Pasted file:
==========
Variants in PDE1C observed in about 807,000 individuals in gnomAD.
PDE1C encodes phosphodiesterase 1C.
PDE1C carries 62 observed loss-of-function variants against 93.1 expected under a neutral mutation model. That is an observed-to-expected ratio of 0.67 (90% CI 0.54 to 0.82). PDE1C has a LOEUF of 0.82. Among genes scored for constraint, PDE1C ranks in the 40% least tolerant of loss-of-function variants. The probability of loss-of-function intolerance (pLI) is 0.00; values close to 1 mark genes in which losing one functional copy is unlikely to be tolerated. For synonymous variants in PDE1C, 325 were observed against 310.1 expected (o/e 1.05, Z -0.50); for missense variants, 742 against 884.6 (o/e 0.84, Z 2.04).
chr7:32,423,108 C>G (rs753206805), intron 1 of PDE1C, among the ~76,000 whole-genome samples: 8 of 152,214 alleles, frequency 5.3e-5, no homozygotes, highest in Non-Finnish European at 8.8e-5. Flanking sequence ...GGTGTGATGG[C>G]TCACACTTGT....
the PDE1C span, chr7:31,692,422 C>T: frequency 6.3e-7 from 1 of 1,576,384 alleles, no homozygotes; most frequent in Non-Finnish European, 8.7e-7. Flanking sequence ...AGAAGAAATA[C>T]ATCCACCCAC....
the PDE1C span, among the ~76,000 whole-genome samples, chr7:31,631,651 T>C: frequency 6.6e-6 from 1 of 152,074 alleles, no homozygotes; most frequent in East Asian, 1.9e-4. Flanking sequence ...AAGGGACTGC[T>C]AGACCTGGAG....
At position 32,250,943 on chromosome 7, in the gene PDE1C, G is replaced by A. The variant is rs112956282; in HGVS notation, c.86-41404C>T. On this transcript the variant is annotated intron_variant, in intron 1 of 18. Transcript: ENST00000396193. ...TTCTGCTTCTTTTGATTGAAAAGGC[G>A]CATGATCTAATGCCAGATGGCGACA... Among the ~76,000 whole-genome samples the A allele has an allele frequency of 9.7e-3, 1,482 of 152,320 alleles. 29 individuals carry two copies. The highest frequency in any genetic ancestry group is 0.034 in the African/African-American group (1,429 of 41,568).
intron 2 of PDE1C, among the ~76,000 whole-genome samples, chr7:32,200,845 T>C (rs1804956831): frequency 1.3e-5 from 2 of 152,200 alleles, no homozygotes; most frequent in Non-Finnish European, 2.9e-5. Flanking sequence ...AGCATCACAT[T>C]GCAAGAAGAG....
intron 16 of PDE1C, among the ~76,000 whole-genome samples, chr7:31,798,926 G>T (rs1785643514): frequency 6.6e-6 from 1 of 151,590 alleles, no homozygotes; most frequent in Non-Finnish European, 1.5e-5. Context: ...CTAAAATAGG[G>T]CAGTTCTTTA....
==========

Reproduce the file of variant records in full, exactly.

Variants in PDE1C observed in about 807,000 individuals in gnomAD.
PDE1C encodes phosphodiesterase 1C.
PDE1C carries 62 observed loss-of-function variants against 93.1 expected under a neutral mutation model. That is an observed-to-expected ratio of 0.67 (90% CI 0.54 to 0.82). PDE1C has a LOEUF of 0.82. Among genes scored for constraint, PDE1C ranks in the 40% least tolerant of loss-of-function variants. The probability of loss-of-function intolerance (pLI) is 0.00; values close to 1 mark genes in which losing one functional copy is unlikely to be tolerated. For synonymous variants in PDE1C, 325 were observed against 310.1 expected (o/e 1.05, Z -0.50); for missense variants, 742 against 884.6 (o/e 0.84, Z 2.04).
chr7:32,423,108 C>G (rs753206805), intron 1 of PDE1C, among the ~76,000 whole-genome samples: 8 of 152,214 alleles, frequency 5.3e-5, no homozygotes, highest in Non-Finnish European at 8.8e-5. Flanking sequence ...GGTGTGATGG[C>G]TCACACTTGT....
the PDE1C span, chr7:31,692,422 C>T: frequency 6.3e-7 from 1 of 1,576,384 alleles, no homozygotes; most frequent in Non-Finnish European, 8.7e-7. Flanking sequence ...AGAAGAAATA[C>T]ATCCACCCAC....
the PDE1C span, among the ~76,000 whole-genome samples, chr7:31,631,651 T>C: frequency 6.6e-6 from 1 of 152,074 alleles, no homozygotes; most frequent in East Asian, 1.9e-4. Flanking sequence ...AAGGGACTGC[T>C]AGACCTGGAG....
At position 32,250,943 on chromosome 7, in the gene PDE1C, G is replaced by A. The variant is rs112956282; in HGVS notation, c.86-41404C>T. On this transcript the variant is annotated intron_variant, in intron 1 of 18. Transcript: ENST00000396193. ...TTCTGCTTCTTTTGATTGAAAAGGC[G>A]CATGATCTAATGCCAGATGGCGACA... Among the ~76,000 whole-genome samples the A allele has an allele frequency of 9.7e-3, 1,482 of 152,320 alleles. 29 individuals carry two copies. The highest frequency in any genetic ancestry group is 0.034 in the African/African-American group (1,429 of 41,568).
intron 2 of PDE1C, among the ~76,000 whole-genome samples, chr7:32,200,845 T>C (rs1804956831): frequency 1.3e-5 from 2 of 152,200 alleles, no homozygotes; most frequent in Non-Finnish European, 2.9e-5. Flanking sequence ...AGCATCACAT[T>C]GCAAGAAGAG....
intron 16 of PDE1C, among the ~76,000 whole-genome samples, chr7:31,798,926 G>T (rs1785643514): frequency 6.6e-6 from 1 of 151,590 alleles, no homozygotes; most frequent in Non-Finnish European, 1.5e-5. Context: ...CTAAAATAGG[G>T]CAGTTCTTTA....